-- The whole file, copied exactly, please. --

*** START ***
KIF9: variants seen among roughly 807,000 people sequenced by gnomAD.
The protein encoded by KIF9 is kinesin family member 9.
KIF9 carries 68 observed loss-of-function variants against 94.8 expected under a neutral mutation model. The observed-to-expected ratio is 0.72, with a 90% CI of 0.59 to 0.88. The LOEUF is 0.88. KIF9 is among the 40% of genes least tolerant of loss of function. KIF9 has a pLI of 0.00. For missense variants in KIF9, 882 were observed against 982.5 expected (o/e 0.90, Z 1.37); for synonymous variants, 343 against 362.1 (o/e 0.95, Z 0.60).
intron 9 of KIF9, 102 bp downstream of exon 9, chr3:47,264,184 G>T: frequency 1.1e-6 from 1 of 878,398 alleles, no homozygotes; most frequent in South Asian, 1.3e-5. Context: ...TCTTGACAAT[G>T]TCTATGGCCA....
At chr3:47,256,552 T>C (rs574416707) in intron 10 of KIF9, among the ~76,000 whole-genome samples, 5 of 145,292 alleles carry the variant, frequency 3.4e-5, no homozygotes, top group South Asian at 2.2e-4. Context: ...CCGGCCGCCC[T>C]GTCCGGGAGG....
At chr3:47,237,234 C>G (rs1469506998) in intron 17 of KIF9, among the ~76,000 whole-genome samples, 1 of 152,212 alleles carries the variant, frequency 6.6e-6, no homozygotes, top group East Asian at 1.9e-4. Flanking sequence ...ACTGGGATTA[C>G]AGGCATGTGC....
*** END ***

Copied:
KIF9: variants seen among roughly 807,000 people sequenced by gnomAD.
The protein encoded by KIF9 is kinesin family member 9.
KIF9 carries 68 observed loss-of-function variants against 94.8 expected under a neutral mutation model. The observed-to-expected ratio is 0.72, with a 90% CI of 0.59 to 0.88. The LOEUF is 0.88. KIF9 is among the 40% of genes least tolerant of loss of function. KIF9 has a pLI of 0.00. For missense variants in KIF9, 882 were observed against 982.5 expected (o/e 0.90, Z 1.37); for synonymous variants, 343 against 362.1 (o/e 0.95, Z 0.60).
intron 9 of KIF9, 102 bp downstream of exon 9, chr3:47,264,184 G>T: frequency 1.1e-6 from 1 of 878,398 alleles, no homozygotes; most frequent in South Asian, 1.3e-5. Context: ...TCTTGACAAT[G>T]TCTATGGCCA....
At chr3:47,256,552 T>C (rs574416707) in intron 10 of KIF9, among the ~76,000 whole-genome samples, 5 of 145,292 alleles carry the variant, frequency 3.4e-5, no homozygotes, top group South Asian at 2.2e-4. Context: ...CCGGCCGCCC[T>C]GTCCGGGAGG....
At chr3:47,237,234 C>G (rs1469506998) in intron 17 of KIF9, among the ~76,000 whole-genome samples, 1 of 152,212 alleles carries the variant, frequency 6.6e-6, no homozygotes, top group East Asian at 1.9e-4. Flanking sequence ...ACTGGGATTA[C>G]AGGCATGTGC....